The VEX IQ system is the brand-new robotics system from Innovation First International (IFI for short, makers of the VEX Robotics Design System). The VEX IQ can be used with any of the all-new hardware and sensors, including a unique plastic snap-fit structural system.
- Sensors include a gyroscope, color sensor, potentiometer, touch LED, and ultrasonic sensor.
- The base kits (either Sensor or Controller kits) are provided with over 650 structural components, 4 plug-and-play ‘smart motors’, at least 2 touch sensors (or more, depending on kit), and the VEX IQ microcontroller (more information on all available kits can be found here).
- The IQ contains 12 smart ports that can be used to control either analog sensors, digital sensors, or servos/motors; the ports are non-typed and can be used to control any piece of VEX IQ compatible hardware that is plugged into it.
- It also includes a micro-USB port for IQ-to-computer communication and a ‘tether’ port for direct connections to an VEX IQ Controller.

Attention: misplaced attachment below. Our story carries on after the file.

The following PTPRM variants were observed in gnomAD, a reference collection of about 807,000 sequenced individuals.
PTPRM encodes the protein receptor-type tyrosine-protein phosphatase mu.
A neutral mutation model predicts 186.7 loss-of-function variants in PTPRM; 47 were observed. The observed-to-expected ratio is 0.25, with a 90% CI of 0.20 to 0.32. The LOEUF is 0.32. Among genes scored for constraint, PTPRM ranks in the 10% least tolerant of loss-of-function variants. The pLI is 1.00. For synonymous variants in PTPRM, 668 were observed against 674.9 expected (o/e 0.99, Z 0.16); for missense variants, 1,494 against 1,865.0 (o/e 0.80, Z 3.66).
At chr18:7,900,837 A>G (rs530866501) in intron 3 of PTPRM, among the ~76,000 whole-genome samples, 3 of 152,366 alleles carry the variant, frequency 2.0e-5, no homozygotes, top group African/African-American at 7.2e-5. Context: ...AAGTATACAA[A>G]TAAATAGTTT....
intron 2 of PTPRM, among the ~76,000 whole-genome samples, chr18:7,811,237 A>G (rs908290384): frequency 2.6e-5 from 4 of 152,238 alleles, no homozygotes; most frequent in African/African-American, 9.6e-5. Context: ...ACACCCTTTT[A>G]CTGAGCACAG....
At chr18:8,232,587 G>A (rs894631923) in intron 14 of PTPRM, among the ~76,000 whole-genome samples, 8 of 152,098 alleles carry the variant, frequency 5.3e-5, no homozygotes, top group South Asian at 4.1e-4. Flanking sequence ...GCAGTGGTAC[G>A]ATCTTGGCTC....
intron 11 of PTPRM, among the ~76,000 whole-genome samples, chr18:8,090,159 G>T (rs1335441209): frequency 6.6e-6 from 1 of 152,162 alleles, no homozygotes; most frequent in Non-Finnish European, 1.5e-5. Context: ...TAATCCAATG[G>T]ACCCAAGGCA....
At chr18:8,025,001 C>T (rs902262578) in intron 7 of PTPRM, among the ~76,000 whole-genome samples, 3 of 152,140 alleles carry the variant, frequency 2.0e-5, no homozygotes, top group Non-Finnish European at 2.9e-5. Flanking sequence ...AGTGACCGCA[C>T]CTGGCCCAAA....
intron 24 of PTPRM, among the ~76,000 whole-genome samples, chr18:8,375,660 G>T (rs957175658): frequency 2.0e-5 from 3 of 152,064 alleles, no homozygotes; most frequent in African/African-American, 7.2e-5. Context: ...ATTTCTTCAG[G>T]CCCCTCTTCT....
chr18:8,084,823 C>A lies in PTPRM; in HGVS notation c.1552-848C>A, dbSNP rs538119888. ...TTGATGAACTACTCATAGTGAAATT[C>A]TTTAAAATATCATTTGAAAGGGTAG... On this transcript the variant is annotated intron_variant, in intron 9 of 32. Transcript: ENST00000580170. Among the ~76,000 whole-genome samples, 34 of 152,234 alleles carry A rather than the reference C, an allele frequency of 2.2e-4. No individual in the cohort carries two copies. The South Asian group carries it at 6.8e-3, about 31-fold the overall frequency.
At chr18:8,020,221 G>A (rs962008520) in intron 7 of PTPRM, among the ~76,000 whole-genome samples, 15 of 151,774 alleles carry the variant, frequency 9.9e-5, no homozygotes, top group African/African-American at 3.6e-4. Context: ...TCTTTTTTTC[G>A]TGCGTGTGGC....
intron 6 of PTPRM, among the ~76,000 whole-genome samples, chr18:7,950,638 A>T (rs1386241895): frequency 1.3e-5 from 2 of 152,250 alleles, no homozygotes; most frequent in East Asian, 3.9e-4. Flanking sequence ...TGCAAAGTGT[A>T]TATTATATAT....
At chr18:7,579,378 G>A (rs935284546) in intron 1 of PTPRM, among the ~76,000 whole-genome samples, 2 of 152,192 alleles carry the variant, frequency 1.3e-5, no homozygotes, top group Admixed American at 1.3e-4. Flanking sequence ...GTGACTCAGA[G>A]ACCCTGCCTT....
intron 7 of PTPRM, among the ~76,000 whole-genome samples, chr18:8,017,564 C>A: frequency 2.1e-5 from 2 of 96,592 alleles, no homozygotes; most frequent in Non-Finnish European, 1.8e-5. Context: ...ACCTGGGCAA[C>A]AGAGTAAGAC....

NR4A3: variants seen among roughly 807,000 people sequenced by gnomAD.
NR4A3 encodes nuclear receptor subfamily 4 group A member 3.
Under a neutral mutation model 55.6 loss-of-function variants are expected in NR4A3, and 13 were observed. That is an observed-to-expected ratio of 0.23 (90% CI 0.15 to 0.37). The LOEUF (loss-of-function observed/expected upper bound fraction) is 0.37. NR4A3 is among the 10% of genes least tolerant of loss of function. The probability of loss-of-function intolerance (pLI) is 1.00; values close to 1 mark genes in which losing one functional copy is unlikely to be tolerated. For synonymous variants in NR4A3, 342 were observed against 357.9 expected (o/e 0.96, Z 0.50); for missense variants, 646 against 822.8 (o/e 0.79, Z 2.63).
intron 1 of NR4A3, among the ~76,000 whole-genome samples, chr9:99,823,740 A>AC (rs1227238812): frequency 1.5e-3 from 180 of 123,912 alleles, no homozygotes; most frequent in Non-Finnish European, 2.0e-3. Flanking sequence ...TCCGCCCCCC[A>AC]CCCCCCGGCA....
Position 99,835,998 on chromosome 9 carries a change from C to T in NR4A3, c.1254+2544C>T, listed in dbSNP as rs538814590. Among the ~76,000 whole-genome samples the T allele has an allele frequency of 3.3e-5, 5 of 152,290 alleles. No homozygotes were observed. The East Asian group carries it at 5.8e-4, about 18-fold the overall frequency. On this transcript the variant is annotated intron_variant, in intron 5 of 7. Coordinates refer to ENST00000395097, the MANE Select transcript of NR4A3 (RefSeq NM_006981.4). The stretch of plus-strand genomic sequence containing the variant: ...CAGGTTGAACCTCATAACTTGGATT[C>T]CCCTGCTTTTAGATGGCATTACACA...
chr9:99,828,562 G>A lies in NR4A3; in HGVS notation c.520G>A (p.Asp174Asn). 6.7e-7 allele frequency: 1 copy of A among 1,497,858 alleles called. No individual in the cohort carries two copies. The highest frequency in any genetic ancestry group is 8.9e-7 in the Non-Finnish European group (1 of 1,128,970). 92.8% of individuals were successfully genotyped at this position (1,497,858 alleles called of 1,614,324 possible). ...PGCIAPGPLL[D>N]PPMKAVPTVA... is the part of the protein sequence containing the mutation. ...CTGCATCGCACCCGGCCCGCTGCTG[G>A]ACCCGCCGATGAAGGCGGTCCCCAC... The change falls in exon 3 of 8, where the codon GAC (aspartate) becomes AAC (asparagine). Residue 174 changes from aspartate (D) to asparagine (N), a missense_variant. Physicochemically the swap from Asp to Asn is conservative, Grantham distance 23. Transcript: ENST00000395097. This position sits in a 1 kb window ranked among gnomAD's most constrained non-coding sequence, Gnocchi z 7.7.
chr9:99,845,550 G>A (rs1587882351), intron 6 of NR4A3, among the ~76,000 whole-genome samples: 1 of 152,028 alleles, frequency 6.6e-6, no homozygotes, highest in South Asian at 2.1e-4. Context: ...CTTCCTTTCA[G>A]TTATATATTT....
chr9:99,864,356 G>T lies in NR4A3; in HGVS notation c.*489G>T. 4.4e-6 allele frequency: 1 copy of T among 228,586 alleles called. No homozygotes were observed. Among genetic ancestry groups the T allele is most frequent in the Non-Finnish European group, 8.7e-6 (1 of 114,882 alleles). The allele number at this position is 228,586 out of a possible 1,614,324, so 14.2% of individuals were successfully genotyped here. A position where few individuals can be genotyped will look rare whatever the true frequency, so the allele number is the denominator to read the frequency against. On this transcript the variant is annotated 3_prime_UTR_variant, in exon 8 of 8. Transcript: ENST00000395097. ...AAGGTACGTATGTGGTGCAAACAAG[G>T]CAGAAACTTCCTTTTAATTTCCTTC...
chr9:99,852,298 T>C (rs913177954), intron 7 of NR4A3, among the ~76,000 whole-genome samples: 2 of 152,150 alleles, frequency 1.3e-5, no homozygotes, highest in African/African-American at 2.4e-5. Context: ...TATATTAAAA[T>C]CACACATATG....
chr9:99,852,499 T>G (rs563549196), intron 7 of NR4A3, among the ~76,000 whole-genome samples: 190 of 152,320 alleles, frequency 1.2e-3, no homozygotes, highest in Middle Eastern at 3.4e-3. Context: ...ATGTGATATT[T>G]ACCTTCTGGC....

- Debugging and programming information can be displayed on the backlit LCD information to increase ease-of-use in real time.
- Wireless communication between the VEX IQ microcontroller and a VEX IQ controller is provided via a set of 900 MHz radio adapters.
- The VEX IQ system will be fully legal in the new VEX IQ Challenge (designed specifically for the VEX IQ system), for students ages 8-14.
- Recommended use: Middle School.
One of the mainstays of the educational robotics world is the VEX Cortex platform. Originally released in 2010 by IFI, the Cortex can be used with the VEX Robotics Design System’s hardware and sensors.